In this paper we show a new approach for areal measurements of cylindrical surfaces that uses a rotational stage in combination with a slit projection confocal arrangement and a high-speed camera (Fig. 1). The slit is located on the field diaphragm position of the microscope and illuminated with an LED. Its image is projected onto the surface with a microscope objective. The reflected light goes back through the objective and is imaged onto a CMOS camera that can work as area, or single line sensor at much higher frame speed. An unrolled confocal image of the cylinder surface is built by rotating the sample and calculating the confocal intensity in the center of the slit. We have tried two confocal approaches. The first one, corresponding to one single pixel intensity or to the average sum of a number of them perpendicular to the pixel under investigation, depending on the magnification used. In our case, with a 20X 0.45 we have used one single pixel. The second method is the pixel gradient, corresponding to the square summation of the gradient values on the same perpendicular window . The whole optical sensor head is mounted on two linear stages corresponding to X and Z directions shown in Figure 1, allowing the sensor to move through the focal region of the microscope, and to position the cylinder along its main rotational axis. A rotation stage is mounted in parallel to the sample rotation axis, allowing the sample to be positioned in every angular position with high precision and rotate it at a constant speed for the line-scan approach.
A set of 360º confocal images can be obtained at different heights of the sample relative to the sensor and used to calculate an unrolled areal measure of the cylinder.
This method has several advantages over the conventional one such as reduced measurement time, and no stitching required. The result shows less residual flatness error since the surface lies flat in the measurement direction in comparison to field measures where the highest slope regions will show field distortion and non-constant sampling.
To proof the concept of unrolled areal measurements, we have used a Basler acA2000-50gc camera mounted on a 0.5X field lens, and a slit of 15 micron width projected onto the surface. A turned part of 6.0mm in diameter is hold on a 1000 steps/revolution stepper motor, model Orientalmotor PKP544MN18A and driven with a 1:250 microstepping controller. The camera is triggered at 1000 frames per second and 7 rows of pixels centered on the slit have been acquired. We used a 20X 0.45NA microscope objective acquiring the unrolled confocal images, and optimum Z increment steps of 1.0 micron to get a series of images. Every unrolled confocal image started at the same sample angle. Stepper motor controller generates an acceleration ramp and triggers the camera for the first time to start image acquisition as soon as the motor is rotating at the rated speed. Although being hardware-controlled, still some repeatability mismatch during the acquisition start trigger made the confocal images to be vertically shifted a few pixels. Therefore, after the acquisition, we have registered all the confocal image sequence with a translation-only registration algorithm, making every pixel in the Z stack to belong to the same point in the image.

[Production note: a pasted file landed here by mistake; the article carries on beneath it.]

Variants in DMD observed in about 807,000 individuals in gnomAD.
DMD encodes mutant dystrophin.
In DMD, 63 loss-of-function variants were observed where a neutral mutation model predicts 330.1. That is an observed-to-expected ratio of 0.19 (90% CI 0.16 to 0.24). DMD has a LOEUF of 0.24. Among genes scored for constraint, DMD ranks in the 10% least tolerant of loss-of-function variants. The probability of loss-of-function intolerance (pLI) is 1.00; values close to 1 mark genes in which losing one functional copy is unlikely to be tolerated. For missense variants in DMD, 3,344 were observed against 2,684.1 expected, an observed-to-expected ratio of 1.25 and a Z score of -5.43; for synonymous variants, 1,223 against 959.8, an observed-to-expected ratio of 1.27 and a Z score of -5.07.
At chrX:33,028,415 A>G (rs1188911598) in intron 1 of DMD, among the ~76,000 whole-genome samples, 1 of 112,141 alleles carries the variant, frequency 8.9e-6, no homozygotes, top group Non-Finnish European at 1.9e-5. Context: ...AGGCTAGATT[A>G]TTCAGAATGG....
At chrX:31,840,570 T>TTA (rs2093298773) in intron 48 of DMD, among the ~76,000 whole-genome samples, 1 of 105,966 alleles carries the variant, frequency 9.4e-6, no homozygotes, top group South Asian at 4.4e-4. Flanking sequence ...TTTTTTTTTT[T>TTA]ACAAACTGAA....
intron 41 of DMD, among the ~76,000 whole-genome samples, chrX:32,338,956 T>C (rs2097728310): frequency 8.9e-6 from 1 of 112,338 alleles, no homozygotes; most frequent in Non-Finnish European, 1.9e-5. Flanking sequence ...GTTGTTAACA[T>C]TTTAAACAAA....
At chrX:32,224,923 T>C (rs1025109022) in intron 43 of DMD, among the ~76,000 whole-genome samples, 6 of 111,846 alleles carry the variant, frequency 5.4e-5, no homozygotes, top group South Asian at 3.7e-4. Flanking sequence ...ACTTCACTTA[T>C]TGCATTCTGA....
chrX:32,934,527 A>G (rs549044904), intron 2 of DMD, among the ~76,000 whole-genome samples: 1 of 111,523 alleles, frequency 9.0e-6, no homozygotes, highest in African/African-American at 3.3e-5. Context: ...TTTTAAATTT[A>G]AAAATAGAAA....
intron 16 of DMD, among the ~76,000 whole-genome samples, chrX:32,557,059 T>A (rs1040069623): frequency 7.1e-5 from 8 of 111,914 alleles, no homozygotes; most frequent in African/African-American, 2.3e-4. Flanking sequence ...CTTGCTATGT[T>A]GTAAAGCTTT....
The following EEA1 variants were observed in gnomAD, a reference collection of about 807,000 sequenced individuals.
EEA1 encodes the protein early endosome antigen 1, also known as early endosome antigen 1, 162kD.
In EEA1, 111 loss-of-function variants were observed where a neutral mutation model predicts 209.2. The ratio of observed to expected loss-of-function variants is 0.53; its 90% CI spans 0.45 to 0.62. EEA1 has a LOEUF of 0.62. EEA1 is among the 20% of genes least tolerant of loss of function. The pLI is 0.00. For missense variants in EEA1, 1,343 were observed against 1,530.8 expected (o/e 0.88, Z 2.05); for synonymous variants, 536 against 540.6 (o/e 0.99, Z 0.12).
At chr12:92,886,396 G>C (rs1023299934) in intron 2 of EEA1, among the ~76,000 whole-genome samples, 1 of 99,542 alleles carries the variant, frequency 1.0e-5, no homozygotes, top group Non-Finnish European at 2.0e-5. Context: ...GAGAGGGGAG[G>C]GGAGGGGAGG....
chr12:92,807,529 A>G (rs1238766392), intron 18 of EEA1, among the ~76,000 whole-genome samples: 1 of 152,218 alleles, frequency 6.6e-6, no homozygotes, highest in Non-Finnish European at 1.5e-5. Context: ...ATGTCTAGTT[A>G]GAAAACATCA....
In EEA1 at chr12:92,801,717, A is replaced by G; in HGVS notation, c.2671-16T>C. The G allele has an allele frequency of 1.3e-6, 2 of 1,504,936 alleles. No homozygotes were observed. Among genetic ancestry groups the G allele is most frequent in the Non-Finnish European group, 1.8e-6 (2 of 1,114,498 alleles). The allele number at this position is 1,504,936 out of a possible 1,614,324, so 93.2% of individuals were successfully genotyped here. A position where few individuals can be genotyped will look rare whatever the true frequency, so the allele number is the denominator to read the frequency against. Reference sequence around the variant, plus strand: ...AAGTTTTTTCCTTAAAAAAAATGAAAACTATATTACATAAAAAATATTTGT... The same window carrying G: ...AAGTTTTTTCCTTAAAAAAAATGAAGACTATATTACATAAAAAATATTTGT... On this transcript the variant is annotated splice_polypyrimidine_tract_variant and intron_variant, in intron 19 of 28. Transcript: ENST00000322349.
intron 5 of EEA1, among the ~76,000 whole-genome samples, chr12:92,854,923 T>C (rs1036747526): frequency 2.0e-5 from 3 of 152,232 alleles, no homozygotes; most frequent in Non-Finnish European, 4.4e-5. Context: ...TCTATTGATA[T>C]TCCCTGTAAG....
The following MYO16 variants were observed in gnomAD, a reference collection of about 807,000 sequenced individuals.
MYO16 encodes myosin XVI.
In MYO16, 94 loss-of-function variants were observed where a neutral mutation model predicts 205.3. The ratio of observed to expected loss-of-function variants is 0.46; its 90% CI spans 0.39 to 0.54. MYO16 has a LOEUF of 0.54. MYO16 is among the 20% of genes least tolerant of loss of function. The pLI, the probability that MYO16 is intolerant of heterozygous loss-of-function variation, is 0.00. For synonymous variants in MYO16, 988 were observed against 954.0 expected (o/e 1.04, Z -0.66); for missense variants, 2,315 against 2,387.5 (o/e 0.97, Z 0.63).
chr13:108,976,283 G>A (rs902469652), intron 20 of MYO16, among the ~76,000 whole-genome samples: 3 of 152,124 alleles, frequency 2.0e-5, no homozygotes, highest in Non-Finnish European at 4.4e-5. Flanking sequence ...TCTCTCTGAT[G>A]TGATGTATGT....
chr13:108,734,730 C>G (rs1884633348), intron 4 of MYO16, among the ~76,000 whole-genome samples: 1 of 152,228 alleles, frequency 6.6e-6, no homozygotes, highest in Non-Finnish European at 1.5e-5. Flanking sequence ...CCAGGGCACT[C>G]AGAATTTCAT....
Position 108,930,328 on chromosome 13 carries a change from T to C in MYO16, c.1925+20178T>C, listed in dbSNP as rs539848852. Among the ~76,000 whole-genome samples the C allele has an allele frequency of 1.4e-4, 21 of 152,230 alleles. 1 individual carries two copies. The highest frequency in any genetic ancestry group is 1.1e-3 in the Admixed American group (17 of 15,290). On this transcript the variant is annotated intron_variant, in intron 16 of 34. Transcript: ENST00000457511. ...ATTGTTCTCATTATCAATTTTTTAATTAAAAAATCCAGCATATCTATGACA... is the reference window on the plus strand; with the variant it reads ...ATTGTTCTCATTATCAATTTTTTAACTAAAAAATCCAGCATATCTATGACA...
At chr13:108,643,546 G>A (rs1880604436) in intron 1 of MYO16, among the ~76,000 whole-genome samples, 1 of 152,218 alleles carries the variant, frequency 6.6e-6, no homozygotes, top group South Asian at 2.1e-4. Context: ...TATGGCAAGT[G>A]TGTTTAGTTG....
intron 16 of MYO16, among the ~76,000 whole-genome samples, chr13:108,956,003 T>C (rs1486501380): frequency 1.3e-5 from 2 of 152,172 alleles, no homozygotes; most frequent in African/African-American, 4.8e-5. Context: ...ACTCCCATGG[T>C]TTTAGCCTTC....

Registered unrolled series of confocal images are finally used to obtain the areal topography. Figure 2 shows the result of an areal measurement of a turned part. It is shown that the result has naturally removed the cylinder shape of the part. In the topography, not only ridges appear due to the feed in the horizontal direction, but also chatter marks in the vertical (axial) one due to tool vibrations.
4. Error influences
We have studied the influence on the areal measurements of wobble and run-out introduced by the rotational axis and the clamping mechanism. This two errors manifest on the measured topography as low frequency components that correspond to the periodicity of a full turn of the surface. By identifying such form errors from the series of the confocal images, it is possible to predict their amplitude and isolate the components on the topography subtracting them from the raw data. This method provides areal surface topography closer to the real one than any other existing method today.
We have shown a new optical measurement approach based on confocal microscopy for the measurement of cylindrical surfaces. This new optical method uses a slit projection and a rotational axis to acquire a series of unrolled confocal images and recover the three-dimensional surface topography. The method shows several advantages in front of conventional 3D methods such as no required stitching, simplified flatness error, and reduced overall measurement time.
 Leach, R., Optical Measurement of Surface Topography, Springer Verlag ISBN 978-3-642-12012-1 (2011)
 Artigas, R., Pinto, A.; Laguarta, F., Three-dimensional micromeasurements on smooth and rough surfaces with a new confocal optical profiler, Proc. SPIE 3824, 93 (1999)